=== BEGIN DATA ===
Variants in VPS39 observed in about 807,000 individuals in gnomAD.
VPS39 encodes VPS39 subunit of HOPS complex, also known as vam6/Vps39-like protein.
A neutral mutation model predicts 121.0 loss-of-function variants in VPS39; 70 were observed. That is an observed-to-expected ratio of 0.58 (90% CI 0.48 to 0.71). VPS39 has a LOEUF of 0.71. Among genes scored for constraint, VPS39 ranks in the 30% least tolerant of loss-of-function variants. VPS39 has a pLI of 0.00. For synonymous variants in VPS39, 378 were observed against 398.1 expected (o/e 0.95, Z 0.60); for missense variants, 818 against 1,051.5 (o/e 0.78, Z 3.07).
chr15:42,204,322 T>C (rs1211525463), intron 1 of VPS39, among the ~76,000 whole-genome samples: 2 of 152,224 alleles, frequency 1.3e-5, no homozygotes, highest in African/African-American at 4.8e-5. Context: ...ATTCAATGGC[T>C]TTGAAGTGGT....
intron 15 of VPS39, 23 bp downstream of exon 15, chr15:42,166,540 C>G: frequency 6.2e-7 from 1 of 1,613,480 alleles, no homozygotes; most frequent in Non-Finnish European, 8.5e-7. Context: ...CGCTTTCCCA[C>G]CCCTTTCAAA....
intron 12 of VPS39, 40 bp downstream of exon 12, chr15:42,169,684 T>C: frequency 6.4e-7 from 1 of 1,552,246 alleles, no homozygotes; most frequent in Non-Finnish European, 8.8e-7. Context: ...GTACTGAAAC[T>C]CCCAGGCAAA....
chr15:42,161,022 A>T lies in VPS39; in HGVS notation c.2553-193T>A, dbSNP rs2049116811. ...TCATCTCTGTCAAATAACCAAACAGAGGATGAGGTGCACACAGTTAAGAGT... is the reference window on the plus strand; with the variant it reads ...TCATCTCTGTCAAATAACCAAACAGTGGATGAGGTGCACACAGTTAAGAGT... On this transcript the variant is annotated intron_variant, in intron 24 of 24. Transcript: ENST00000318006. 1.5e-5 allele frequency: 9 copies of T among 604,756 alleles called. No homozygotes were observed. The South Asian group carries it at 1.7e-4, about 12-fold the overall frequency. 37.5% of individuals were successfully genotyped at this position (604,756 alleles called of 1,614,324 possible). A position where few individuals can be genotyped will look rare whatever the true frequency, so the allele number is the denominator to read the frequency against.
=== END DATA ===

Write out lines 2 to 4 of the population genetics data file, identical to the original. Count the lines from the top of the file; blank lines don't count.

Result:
VPS39 encodes VPS39 subunit of HOPS complex, also known as vam6/Vps39-like protein.
A neutral mutation model predicts 121.0 loss-of-function variants in VPS39; 70 were observed. That is an observed-to-expected ratio of 0.58 (90% CI 0.48 to 0.71). VPS39 has a LOEUF of 0.71. Among genes scored for constraint, VPS39 ranks in the 30% least tolerant of loss-of-function variants. VPS39 has a pLI of 0.00. For synonymous variants in VPS39, 378 were observed against 398.1 expected (o/e 0.95, Z 0.60); for missense variants, 818 against 1,051.5 (o/e 0.78, Z 3.07).
chr15:42,204,322 T>C (rs1211525463), intron 1 of VPS39, among the ~76,000 whole-genome samples: 2 of 152,224 alleles, frequency 1.3e-5, no homozygotes, highest in African/African-American at 4.8e-5. Context: ...ATTCAATGGC[T>C]TTGAAGTGGT....